The We and The I

March 25, 2013 at 12:03 pm | Posted in 2013 | Leave a comment
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◊ ◊ ◊ ½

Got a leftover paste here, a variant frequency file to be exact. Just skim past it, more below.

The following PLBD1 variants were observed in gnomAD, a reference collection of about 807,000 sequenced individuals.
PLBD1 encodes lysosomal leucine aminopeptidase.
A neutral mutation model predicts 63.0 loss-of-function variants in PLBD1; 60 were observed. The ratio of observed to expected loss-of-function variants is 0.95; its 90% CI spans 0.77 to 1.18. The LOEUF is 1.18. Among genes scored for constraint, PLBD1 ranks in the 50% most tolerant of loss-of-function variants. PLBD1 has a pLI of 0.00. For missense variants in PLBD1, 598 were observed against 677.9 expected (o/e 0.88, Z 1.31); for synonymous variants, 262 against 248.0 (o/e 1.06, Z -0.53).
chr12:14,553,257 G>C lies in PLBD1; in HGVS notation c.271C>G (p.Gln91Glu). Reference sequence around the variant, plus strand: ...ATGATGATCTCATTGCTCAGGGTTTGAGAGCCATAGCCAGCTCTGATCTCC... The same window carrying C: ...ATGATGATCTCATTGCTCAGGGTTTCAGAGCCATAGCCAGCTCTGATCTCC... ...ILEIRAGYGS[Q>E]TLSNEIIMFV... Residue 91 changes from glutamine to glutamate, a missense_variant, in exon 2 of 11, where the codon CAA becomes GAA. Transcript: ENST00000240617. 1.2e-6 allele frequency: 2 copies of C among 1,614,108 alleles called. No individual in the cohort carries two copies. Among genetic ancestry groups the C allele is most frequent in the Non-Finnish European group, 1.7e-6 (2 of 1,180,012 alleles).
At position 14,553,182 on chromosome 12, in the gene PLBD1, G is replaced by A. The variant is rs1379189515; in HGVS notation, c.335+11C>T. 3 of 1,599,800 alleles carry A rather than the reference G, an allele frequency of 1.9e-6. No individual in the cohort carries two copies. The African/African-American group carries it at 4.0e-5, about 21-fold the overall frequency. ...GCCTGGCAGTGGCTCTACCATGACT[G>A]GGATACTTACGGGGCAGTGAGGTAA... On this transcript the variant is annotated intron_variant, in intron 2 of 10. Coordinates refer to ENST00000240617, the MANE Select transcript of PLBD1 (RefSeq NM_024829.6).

This is the most exciting film I have seen so far this year.  French film writer (“Eternal Sunshine of the Spotless Mind”) and director (“The Science of Sleep”), Michael Gondry, has managed to turn out a largely unique and energetic movie on adolescence.  Gondry wrote and directed the documentary style film about a large group of intercity high-schoolers riding the public bus home on their last day of school.  The entire film takes place on this bus on this ridiculously long ride in mostly real time.  There are a few creative asides that take us off the bus, mostly into people’s memories, but these moments tend to fall flat.  The real energy is on the bus and, while we are there, the film is magnetic.  This group of unknown actors, all using their real names, are a mixed bag of acting talent, with most of them having little of it.  Be prepared for awkwardly delivered lines and phony displays of emotion.  However, the few who can act are also fortunately the focus of the film.  The dialogue between them flows naturally and feels absolutely real.  In fact, there are moments that feel so real, I had to wonder how much ad lib and real-life was being superimposed on the script.  This was an interesting pairing with “Bully” (which I saw the night before) as it shows bullies in their element.  Over the course of the film, you see tables turned as kids turn on each other, in the way kids will, and you see the insecurity beneath all the bravado.  Gondry also makes brilliant use of technology, telling part of his story with texts, downloaded video and (in an inspired scene) we watch a phone call between a girl on the bus and a boy in a pizza parlor with the scene from the parlor appearing through the window of the bus as though it were right outside.  The movie had a grit and an edge and an energy that really kept it going, even during it’s weak moments.  Unfortunately, there were about as many of those as there were strong ones.  The film has multiple, interwoven plot lines and snippets of conversations that bandy back and forth.  I found about half of those plots interesting and the other half not.  This made the kinetic energy of the story somewhat faltering for me but, overall, I loved where it took me.  Like so many films, the last 10 minutes are a bit too neat and feel good and belie the strong characters that were developed throughout the film.  Young Michael’s movement and insight over the course of the film is believable… to a point.  The end stretches it just a bit too far.  With a slightly different ending, this could have made it on my best of the year list.


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